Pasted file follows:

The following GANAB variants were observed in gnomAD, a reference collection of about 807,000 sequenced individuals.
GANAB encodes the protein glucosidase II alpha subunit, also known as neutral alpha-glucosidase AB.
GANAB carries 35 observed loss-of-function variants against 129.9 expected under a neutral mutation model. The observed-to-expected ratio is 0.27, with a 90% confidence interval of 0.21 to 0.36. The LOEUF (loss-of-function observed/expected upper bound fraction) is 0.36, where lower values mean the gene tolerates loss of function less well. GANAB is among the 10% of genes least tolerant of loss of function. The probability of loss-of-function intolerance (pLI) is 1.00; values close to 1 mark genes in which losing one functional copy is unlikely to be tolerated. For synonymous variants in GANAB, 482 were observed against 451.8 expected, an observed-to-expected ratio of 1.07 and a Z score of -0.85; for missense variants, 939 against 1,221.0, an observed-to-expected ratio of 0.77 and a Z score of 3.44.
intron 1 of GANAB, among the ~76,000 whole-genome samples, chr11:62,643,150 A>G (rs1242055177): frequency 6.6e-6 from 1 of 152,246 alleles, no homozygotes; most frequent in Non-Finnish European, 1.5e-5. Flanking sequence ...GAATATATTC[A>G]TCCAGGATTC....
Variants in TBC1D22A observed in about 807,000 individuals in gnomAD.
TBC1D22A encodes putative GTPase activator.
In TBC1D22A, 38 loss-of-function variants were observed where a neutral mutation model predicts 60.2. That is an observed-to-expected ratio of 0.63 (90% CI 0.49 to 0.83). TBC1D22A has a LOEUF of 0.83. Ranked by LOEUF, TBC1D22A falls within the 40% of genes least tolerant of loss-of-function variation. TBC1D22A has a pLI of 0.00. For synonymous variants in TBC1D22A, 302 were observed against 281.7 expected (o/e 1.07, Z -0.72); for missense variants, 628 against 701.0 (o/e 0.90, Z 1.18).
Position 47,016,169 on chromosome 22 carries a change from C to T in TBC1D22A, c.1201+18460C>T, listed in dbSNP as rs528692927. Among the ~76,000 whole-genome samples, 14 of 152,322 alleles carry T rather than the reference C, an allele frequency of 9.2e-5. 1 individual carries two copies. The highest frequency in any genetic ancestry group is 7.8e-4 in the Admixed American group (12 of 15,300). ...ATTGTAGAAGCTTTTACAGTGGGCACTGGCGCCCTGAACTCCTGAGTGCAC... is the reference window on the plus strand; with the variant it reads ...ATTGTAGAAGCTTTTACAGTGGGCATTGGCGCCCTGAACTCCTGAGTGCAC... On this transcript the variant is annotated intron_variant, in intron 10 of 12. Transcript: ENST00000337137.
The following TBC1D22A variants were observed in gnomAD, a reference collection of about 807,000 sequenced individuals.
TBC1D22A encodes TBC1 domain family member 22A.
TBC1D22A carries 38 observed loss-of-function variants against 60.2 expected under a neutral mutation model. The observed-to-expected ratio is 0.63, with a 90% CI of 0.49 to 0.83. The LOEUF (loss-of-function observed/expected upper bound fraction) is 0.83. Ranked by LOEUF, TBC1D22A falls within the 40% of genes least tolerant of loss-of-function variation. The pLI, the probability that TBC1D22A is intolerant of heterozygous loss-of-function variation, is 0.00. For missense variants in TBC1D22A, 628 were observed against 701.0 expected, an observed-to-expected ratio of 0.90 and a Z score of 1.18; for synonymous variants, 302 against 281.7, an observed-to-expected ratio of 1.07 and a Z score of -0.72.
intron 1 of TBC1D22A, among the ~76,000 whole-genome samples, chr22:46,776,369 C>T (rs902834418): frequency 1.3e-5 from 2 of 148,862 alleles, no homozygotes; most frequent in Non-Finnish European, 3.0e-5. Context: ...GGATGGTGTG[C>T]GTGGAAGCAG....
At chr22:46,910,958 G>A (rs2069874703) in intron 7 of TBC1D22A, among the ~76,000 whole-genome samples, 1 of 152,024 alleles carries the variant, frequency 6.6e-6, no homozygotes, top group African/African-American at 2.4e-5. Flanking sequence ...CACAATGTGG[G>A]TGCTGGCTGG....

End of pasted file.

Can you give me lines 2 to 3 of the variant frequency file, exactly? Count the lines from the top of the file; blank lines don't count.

GANAB encodes the protein glucosidase II alpha subunit, also known as neutral alpha-glucosidase AB.
GANAB carries 35 observed loss-of-function variants against 129.9 expected under a neutral mutation model. The observed-to-expected ratio is 0.27, with a 90% confidence interval of 0.21 to 0.36. The LOEUF (loss-of-function observed/expected upper bound fraction) is 0.36, where lower values mean the gene tolerates loss of function less well. GANAB is among the 10% of genes least tolerant of loss of function. The probability of loss-of-function intolerance (pLI) is 1.00; values close to 1 mark genes in which losing one functional copy is unlikely to be tolerated. For synonymous variants in GANAB, 482 were observed against 451.8 expected, an observed-to-expected ratio of 1.07 and a Z score of -0.85; for missense variants, 939 against 1,221.0, an observed-to-expected ratio of 0.77 and a Z score of 3.44.